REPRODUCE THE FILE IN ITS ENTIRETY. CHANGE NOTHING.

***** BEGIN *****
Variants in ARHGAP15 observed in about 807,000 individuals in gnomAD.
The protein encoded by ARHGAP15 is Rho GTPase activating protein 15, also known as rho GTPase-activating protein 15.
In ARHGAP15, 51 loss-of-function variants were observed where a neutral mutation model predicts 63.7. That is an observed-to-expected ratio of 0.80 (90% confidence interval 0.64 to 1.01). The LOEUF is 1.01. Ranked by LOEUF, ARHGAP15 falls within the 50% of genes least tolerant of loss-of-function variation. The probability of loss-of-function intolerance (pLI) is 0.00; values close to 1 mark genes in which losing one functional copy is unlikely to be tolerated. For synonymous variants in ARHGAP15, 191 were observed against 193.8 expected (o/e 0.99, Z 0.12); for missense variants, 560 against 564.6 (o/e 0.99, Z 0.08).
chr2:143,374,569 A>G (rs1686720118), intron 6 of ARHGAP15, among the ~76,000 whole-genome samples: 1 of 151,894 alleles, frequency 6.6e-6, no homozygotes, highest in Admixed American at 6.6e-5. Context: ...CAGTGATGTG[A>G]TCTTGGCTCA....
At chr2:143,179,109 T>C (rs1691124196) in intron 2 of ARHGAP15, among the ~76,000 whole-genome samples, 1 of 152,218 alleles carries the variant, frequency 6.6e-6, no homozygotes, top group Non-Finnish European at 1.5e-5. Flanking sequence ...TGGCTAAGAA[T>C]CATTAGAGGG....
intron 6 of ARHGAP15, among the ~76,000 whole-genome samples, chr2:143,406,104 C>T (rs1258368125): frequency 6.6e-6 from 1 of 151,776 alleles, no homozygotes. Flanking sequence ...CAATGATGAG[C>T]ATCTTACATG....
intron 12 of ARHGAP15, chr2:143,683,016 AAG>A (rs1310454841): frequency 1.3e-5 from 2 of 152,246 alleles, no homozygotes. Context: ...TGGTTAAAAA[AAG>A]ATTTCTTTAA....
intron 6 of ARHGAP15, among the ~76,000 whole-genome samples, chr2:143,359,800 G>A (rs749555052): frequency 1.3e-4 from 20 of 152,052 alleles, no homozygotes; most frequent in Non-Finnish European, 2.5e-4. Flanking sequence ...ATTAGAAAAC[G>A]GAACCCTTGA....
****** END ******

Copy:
Variants in ARHGAP15 observed in about 807,000 individuals in gnomAD.
The protein encoded by ARHGAP15 is Rho GTPase activating protein 15, also known as rho GTPase-activating protein 15.
In ARHGAP15, 51 loss-of-function variants were observed where a neutral mutation model predicts 63.7. That is an observed-to-expected ratio of 0.80 (90% confidence interval 0.64 to 1.01). The LOEUF is 1.01. Ranked by LOEUF, ARHGAP15 falls within the 50% of genes least tolerant of loss-of-function variation. The probability of loss-of-function intolerance (pLI) is 0.00; values close to 1 mark genes in which losing one functional copy is unlikely to be tolerated. For synonymous variants in ARHGAP15, 191 were observed against 193.8 expected (o/e 0.99, Z 0.12); for missense variants, 560 against 564.6 (o/e 0.99, Z 0.08).
chr2:143,374,569 A>G (rs1686720118), intron 6 of ARHGAP15, among the ~76,000 whole-genome samples: 1 of 151,894 alleles, frequency 6.6e-6, no homozygotes, highest in Admixed American at 6.6e-5. Context: ...CAGTGATGTG[A>G]TCTTGGCTCA....
At chr2:143,179,109 T>C (rs1691124196) in intron 2 of ARHGAP15, among the ~76,000 whole-genome samples, 1 of 152,218 alleles carries the variant, frequency 6.6e-6, no homozygotes, top group Non-Finnish European at 1.5e-5. Flanking sequence ...TGGCTAAGAA[T>C]CATTAGAGGG....
intron 6 of ARHGAP15, among the ~76,000 whole-genome samples, chr2:143,406,104 C>T (rs1258368125): frequency 6.6e-6 from 1 of 151,776 alleles, no homozygotes. Flanking sequence ...CAATGATGAG[C>T]ATCTTACATG....
intron 12 of ARHGAP15, chr2:143,683,016 AAG>A (rs1310454841): frequency 1.3e-5 from 2 of 152,246 alleles, no homozygotes. Context: ...TGGTTAAAAA[AAG>A]ATTTCTTTAA....
intron 6 of ARHGAP15, among the ~76,000 whole-genome samples, chr2:143,359,800 G>A (rs749555052): frequency 1.3e-4 from 20 of 152,052 alleles, no homozygotes; most frequent in Non-Finnish European, 2.5e-4. Flanking sequence ...ATTAGAAAAC[G>A]GAACCCTTGA....